Public museum censors photograph of two men kissing during Pride Month

People at a museum
Photo: Shutterstock

A museum in North Carolina has removed a photograph of two men kissing to celebrate their engagement after a county official deemed the portrait not “considerate of differing viewpoints in the community.”

Kim Eagle, the Gaston County Manager, had the offending picture removed after it was already on display when the exhibit Into the Darkroom opened on May 31.

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A statement from the county called it “an internal decision under the manager’s purview” and tried to defend the manager’s reasoning.

“The museum is government-funded, and as such, it is important for the items it shares to be informational without championing political issues. As a public administrator, there is a delicate balance between the effort to foster an inclusive workplace and community, while avoiding political advocacy.”

The Gaston County Museum invited photographers to submit work capturing an “historical event” for their exhibit Into the Darkroom: Photography as History and Artform.

Among other work, Charlotte photojournalist Grant Baldwin offered a photograph of Justin Colasacco and his husband Bren Hipp kissing after Colasacco dropped to one knee and proposed in front of the crowd at the 2019 Charlotte Pride Festival & Parade. The picture was accepted for the show and displayed prominently when the exhibit opened.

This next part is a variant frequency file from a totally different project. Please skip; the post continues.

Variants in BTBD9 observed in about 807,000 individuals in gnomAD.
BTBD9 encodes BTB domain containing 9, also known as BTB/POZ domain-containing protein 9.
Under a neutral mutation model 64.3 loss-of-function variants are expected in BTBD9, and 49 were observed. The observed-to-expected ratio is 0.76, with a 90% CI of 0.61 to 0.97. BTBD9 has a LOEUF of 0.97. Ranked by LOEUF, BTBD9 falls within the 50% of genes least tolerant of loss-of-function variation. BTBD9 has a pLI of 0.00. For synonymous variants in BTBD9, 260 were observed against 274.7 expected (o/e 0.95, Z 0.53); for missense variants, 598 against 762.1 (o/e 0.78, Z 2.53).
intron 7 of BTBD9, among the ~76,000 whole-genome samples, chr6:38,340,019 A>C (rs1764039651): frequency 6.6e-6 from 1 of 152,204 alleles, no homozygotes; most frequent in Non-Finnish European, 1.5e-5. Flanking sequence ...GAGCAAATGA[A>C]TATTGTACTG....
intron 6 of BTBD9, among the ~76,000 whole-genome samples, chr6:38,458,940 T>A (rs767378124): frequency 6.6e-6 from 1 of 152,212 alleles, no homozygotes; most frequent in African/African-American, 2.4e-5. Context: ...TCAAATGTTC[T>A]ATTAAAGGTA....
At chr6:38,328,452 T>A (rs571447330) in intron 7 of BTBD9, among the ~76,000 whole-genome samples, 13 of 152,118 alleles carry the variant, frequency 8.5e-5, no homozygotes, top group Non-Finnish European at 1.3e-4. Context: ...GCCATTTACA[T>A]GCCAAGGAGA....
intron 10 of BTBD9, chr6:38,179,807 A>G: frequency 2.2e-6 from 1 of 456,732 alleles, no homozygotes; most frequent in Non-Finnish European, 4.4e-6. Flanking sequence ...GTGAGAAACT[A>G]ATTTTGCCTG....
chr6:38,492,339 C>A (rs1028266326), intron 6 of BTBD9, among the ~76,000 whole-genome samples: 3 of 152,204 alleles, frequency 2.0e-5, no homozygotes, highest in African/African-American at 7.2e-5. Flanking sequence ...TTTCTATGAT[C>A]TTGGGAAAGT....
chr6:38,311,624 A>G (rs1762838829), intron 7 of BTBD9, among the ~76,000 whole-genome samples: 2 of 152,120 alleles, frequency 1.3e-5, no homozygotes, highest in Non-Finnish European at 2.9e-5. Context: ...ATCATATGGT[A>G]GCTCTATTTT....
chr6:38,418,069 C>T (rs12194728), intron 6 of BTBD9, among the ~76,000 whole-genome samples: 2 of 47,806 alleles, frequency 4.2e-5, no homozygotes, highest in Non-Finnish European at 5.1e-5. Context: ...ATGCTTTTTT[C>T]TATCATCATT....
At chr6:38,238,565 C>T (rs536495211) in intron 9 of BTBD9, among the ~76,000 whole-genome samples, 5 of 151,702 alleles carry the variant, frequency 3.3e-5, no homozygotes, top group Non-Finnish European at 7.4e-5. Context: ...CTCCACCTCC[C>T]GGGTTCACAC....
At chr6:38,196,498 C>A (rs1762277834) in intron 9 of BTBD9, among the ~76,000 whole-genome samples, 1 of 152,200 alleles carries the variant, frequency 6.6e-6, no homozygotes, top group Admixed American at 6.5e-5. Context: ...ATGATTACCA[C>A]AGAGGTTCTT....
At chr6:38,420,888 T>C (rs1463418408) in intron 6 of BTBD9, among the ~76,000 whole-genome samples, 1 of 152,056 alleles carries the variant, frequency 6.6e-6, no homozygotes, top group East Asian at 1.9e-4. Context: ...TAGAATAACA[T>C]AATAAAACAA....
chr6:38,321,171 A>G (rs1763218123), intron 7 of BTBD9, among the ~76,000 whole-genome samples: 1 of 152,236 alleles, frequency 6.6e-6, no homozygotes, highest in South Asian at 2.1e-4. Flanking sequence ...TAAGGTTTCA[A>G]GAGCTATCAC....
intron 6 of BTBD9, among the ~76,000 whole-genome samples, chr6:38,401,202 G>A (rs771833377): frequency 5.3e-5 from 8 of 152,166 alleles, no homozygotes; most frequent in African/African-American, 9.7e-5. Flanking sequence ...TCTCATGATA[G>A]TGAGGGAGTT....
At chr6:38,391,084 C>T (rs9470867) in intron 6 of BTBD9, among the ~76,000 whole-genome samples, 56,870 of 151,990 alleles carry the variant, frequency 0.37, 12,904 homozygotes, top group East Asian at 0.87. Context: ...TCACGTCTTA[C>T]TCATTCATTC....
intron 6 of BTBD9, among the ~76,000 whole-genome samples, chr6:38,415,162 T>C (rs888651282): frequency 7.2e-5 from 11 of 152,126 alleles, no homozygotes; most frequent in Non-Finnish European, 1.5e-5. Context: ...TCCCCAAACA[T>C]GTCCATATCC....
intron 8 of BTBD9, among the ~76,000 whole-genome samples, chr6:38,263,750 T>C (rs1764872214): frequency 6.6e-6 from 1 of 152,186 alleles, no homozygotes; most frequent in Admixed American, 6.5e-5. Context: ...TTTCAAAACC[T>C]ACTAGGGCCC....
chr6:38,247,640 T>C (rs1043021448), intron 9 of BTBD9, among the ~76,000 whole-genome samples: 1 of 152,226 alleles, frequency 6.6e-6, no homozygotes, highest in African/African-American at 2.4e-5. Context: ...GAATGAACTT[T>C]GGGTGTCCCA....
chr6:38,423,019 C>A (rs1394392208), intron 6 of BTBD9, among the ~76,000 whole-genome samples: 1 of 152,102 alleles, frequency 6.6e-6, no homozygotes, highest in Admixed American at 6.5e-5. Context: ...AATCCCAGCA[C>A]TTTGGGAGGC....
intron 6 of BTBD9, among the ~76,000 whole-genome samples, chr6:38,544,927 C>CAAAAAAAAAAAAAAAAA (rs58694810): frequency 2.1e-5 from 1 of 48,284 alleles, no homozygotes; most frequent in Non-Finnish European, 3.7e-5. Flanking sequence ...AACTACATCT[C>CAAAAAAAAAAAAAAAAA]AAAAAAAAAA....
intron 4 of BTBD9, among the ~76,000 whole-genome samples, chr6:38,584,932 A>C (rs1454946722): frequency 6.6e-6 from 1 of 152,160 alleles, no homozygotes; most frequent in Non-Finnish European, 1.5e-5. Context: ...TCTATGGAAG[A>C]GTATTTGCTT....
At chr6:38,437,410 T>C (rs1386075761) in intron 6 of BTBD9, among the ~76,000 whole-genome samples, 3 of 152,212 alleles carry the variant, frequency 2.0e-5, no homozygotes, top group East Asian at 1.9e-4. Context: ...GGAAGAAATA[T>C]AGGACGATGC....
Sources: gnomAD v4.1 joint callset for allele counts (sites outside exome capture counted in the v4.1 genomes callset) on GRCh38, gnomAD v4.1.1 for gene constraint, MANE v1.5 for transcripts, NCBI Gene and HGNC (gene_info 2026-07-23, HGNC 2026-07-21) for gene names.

“Here we go again,” said Charlotte Pride board president Clark Simon. “Gaston County’s decision… seeks to silence and erase the existence of LGBTQ and minority people in Gaston County and the wider region.”

“We find it abhorrent that any democratically-elected government or its employees would seek to censor a photograph of a marriage proposal in an artistic, photographic art display contained in a government-funded museum like the Gaston County Museum.”

“Why would you not, after reviewing the installation prior to opening to the public, not raise concerns until the middle of Pride Month,” Simon said.

“As a gay man living in a state that celebrates diversity, it is truly disheartening to learn that there are still organizations that continue to deny us the same liberties as the heterosexual community,” said Colasacco, one of the picture’s subjects. “To remove a moment in history that gave us visibility and celebrated same-sex marriage that has been legal in North Carolina since 2014, is unjustified.”

Hipp called the photograph’s censorship “a huge step backwards.”

“People wish to keep us in the shadows and pretend as if we do not exist. Well, they wish to pretend our ‘lifestyle’ does not exist. Every person deserves the right to be who they are and be a part of the community without judgment or suppression.”

In addition to the gay kiss photo, museum officials also removed photojournalist Baldwin’s picture of an arrest at a Black Lives Matter protest.

While Baldwin says he’s shocked his kiss photo was removed because of its LGBTQ imagery, he’s happy the picture has drawn attention. “When a photograph takes on a life of its own and has its own narrative from the perspective of the people who view it, that’s a job well done,” he said.

After news of the Gaston County Museum’s censorship broke, Baldwin says a gallery in Santa Fe, New Mexico reached out and offered to display the photograph, to be featured in an exhibit titled Imagine a World Without Photojournalism.

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